• Anna H.

Is it ok to not be ok?: Toxic Work Culture

Updated: Mar 17, 2021

I live in Texas, where we recently had a winter storm that revealed the ineptitude of our government and the fragility of our infrastructure. As someone who has lived in hurricane-prone areas her entire life, I am not unfamiliar with the havoc natural disasters can wreak. But, there was something entirely different--and entirely destabilizing--about the effects of the Texas winter storm. Consequently, three weeks later, I am still exhausted. Meanwhile, the rest of Texas has continued on as if we weren't five minutes away from the utter collapse of our electrical grid. Shit is toxic.

This toxic eschewal of how exhausted nearly everyone is--I know I am not the only one--has everything to do with capitalist demands for our labor that necessitate we disavow our most basic necessities. That we ignore the effects of trauma.

I'm writing this because in the three weeks following the storm, I've been the busiest I've been all semester. Part of this has to do with the ebb and flow of the Spring semester, with the end being the most overloaded, but it also has something to do with this toxic refusal to admit that we are not all right. I see evidence of this in Greg Abbott's renunciation of mask mandates as the exigencies of the winter storm that forced people together will probably result in an uptick of COVID diagnoses.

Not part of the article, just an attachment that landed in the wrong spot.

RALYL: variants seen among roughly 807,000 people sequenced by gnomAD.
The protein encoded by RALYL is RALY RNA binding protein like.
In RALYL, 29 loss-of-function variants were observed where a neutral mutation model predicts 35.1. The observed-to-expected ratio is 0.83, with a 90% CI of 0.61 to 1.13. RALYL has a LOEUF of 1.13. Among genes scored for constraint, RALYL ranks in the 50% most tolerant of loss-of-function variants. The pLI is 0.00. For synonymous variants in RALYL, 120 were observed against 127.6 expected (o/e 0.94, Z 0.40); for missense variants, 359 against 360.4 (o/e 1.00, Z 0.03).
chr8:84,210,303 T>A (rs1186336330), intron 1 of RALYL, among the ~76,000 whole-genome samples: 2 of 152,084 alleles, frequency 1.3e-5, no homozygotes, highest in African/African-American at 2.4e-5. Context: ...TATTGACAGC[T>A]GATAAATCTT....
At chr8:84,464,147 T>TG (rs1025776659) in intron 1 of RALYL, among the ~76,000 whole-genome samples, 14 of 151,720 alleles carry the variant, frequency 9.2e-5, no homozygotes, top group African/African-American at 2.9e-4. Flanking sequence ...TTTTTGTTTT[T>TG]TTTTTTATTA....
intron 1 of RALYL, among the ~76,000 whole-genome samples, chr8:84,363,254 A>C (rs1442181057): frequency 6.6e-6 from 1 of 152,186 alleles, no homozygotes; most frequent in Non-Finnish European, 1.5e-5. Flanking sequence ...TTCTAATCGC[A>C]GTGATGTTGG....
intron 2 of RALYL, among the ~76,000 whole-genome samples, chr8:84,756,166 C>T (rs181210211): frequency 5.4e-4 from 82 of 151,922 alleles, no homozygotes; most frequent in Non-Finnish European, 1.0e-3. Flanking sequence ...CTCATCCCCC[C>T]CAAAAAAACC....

By engaging in this problematic push to portray life-as-usual, I am complicit in the bull shit! How do we collectivity divest from and refuse this culture of ignoring not-okayness? Of course, saying "No" is a start, but even this, at times, feels dangerous when it is clear that academic labor is disposable (and I got bills to pay). So, this is an honest question. I want to know your practices of refusal, major and minor.

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